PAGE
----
In what may be the first official retaliation against Julian Assange and Wikileaks since the organization started disseminating the hacked Podesta emails, this morning WikiLeaks announced it has “activated contingency” plans after Assange’s internet link was intentionally cut off by a state party, WikiLeaks has said in a tweet.
There was little actual detail, aside from a subsequent tweet in which WikiLeaks called on the public to support it by donating.
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Time For Truth: (Zero Hedge) – Wikileaks Activates "Contingency Plans" After Unknown "State Party" Cuts Julian Assange's Internet Connection
Many people like the idea of increasing their privacy with encryption and anonymity tools for sharing files, web browsing and messaging. The trouble is finding tools for the job that aren’t overly complex.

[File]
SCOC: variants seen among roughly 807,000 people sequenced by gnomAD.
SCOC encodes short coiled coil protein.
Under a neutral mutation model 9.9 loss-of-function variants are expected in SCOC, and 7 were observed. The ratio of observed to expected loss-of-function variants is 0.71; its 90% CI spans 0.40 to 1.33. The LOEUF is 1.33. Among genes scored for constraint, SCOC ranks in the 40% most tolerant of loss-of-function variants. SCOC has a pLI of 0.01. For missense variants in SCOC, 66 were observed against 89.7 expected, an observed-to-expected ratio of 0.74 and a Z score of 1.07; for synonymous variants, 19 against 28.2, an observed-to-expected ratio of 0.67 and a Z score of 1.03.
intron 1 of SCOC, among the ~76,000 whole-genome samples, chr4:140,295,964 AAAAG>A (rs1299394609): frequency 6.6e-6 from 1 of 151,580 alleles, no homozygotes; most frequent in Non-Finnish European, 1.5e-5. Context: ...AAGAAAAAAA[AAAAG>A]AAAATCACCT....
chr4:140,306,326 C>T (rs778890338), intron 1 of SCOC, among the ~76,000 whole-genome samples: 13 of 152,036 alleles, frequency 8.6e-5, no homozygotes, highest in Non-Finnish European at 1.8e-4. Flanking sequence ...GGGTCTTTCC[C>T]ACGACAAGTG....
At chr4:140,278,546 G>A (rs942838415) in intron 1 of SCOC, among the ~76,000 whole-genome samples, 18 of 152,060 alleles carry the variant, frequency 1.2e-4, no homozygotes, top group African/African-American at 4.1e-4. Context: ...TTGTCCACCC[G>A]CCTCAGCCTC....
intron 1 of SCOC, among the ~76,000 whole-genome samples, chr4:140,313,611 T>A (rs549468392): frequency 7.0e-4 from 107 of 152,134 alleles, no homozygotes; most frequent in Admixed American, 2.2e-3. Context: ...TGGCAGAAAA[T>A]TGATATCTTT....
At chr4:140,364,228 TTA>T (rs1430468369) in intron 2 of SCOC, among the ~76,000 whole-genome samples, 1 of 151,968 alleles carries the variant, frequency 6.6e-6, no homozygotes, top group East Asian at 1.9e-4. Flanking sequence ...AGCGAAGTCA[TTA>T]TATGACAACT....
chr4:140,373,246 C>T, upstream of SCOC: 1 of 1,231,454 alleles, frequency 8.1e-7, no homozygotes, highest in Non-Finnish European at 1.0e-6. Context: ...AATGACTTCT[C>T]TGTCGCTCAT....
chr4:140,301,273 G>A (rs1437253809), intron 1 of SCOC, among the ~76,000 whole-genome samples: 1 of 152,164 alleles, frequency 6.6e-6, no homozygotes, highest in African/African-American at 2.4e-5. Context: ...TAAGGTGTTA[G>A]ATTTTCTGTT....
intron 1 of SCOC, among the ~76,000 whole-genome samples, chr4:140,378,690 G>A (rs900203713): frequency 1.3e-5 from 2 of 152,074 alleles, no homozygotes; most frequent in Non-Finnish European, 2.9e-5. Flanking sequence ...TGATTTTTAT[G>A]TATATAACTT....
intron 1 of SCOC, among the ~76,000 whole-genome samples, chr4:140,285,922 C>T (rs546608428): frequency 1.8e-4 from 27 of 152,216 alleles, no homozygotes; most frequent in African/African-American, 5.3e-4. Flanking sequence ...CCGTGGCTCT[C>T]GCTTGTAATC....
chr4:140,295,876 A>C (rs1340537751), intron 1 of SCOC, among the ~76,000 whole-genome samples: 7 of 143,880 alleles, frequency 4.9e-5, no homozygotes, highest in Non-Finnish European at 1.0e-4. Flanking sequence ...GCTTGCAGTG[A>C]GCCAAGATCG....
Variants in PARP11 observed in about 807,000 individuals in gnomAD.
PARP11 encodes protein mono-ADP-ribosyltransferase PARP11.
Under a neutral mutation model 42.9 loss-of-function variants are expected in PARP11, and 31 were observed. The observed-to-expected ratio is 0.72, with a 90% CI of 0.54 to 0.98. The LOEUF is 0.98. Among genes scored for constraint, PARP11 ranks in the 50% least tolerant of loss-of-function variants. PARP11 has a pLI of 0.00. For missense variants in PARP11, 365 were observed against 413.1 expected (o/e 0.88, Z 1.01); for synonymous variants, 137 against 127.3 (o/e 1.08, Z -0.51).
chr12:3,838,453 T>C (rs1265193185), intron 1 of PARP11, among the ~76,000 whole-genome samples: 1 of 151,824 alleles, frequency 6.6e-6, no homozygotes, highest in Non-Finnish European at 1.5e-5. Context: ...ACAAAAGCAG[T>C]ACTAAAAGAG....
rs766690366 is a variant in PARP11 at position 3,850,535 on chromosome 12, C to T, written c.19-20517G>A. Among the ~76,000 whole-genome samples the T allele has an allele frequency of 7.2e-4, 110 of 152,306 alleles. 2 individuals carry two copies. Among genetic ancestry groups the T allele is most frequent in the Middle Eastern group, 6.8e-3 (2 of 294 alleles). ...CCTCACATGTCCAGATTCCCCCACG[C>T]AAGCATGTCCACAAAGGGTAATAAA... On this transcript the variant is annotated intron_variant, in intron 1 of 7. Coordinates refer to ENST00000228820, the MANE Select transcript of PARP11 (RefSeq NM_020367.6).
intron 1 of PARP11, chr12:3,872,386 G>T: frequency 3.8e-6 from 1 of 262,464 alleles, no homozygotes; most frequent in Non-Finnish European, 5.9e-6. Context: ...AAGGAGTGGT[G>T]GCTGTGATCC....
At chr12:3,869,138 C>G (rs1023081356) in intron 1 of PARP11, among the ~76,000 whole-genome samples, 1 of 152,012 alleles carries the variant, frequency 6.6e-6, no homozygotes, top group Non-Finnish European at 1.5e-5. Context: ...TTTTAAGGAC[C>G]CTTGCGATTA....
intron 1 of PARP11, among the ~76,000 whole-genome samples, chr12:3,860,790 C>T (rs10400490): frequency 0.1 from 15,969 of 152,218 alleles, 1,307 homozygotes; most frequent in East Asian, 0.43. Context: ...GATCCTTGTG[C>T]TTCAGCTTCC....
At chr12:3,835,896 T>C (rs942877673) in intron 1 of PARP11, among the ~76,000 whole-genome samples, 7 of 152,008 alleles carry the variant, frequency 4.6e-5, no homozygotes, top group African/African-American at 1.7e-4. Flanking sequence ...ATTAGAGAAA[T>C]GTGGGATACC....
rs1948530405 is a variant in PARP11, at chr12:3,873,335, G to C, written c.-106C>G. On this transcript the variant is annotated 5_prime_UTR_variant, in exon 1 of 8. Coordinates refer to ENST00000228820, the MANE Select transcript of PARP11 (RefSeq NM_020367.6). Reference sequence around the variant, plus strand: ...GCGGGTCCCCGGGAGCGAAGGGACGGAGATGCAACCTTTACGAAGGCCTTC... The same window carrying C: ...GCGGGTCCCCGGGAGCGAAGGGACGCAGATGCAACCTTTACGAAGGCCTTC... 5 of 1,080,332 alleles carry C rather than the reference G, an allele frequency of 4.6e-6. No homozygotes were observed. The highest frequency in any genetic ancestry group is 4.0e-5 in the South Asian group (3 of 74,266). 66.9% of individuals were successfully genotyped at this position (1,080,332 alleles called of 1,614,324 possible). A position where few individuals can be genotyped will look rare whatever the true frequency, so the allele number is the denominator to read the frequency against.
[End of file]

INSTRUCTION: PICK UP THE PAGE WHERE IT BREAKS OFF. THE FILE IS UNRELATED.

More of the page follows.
Today’s tip will take a look at how easily you can use current privacy tools to chat with your friends in privacy and security.
A student from the University of Maribor in Slovenia has ended up with a prison sentence after finding cryptographic flaws in the country’s implementation of its secure communications system, known as TETRA.
TETRA is short for Terrestrial Trunked Radio, a radio communications protocol that is widely used around the world, notably by law enforcement and emergency services.
During a recent episode of 60 Minutes, a security researcher in Germany eavesdropped on the cellphone conversations of US congressman Ted Lieu. The researcher didn’t need to hack Lieu’s phone, or install spyware on it—all he needed was his phone number.
Here at Naked Security, we’re well-disposed towards encryption, especially TLS, which is the cornerstone of secure web browsing.
TLS is short for Transport Layer Security, and it’s the technology that puts the padlock in your browser’s address bar when you use HTTPS to visit a secure website.
In theory, TLS is easy, because software at each end does all the hard cryptographic work of securing the connection.